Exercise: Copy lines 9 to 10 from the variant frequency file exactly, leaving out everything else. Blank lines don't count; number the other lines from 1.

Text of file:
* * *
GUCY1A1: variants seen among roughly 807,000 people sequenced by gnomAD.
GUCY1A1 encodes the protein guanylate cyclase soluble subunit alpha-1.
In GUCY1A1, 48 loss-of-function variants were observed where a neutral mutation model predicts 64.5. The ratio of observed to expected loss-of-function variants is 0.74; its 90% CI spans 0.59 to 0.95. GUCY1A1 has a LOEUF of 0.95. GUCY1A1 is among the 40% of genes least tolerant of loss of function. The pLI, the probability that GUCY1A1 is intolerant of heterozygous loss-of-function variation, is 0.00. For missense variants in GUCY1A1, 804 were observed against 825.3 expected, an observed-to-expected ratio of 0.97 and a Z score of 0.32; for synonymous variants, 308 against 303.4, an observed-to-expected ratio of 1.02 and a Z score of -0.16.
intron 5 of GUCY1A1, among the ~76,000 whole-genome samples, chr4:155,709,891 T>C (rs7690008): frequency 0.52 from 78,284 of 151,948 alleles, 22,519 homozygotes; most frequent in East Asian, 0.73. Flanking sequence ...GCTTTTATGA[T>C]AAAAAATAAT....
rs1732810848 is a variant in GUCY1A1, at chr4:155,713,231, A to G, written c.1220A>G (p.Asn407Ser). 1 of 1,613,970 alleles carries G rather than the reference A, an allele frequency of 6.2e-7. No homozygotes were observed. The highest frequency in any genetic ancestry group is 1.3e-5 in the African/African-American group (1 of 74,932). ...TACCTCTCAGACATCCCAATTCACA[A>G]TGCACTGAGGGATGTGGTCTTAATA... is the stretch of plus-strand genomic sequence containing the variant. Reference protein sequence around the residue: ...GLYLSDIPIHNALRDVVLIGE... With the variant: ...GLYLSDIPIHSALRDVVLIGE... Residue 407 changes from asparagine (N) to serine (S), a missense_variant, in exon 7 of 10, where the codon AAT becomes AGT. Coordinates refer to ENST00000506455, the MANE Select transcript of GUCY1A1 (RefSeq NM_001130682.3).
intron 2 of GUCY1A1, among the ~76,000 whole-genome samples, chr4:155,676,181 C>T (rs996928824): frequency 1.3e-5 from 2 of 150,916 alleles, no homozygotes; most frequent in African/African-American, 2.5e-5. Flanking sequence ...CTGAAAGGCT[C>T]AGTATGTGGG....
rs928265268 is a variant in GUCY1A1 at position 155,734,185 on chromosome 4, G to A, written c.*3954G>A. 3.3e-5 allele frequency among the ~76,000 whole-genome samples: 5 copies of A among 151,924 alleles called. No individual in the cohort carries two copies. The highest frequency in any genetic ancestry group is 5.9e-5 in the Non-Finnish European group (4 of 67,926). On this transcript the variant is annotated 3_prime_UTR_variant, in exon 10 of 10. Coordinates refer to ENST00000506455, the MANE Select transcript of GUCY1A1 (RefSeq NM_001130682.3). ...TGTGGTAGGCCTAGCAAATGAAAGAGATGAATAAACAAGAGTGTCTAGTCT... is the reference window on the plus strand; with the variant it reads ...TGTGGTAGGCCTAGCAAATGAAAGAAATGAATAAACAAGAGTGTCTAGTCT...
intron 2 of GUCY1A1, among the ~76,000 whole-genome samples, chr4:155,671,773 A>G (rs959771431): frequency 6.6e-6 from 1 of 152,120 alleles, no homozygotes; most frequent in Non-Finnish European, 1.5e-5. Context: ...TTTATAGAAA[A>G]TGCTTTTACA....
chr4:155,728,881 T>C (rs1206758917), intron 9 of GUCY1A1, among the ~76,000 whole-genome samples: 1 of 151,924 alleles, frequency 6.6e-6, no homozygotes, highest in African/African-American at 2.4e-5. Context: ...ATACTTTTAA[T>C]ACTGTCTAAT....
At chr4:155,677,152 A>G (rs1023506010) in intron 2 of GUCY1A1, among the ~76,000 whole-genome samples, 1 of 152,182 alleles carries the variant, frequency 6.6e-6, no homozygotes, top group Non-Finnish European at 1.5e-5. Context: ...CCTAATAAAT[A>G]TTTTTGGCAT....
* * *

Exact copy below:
chr4:155,728,881 T>C (rs1206758917), intron 9 of GUCY1A1, among the ~76,000 whole-genome samples: 1 of 151,924 alleles, frequency 6.6e-6, no homozygotes, highest in African/African-American at 2.4e-5. Context: ...ATACTTTTAA[T>C]ACTGTCTAAT....
At chr4:155,677,152 A>G (rs1023506010) in intron 2 of GUCY1A1, among the ~76,000 whole-genome samples, 1 of 152,182 alleles carries the variant, frequency 6.6e-6, no homozygotes, top group Non-Finnish European at 1.5e-5. Context: ...CCTAATAAAT[A>G]TTTTTGGCAT....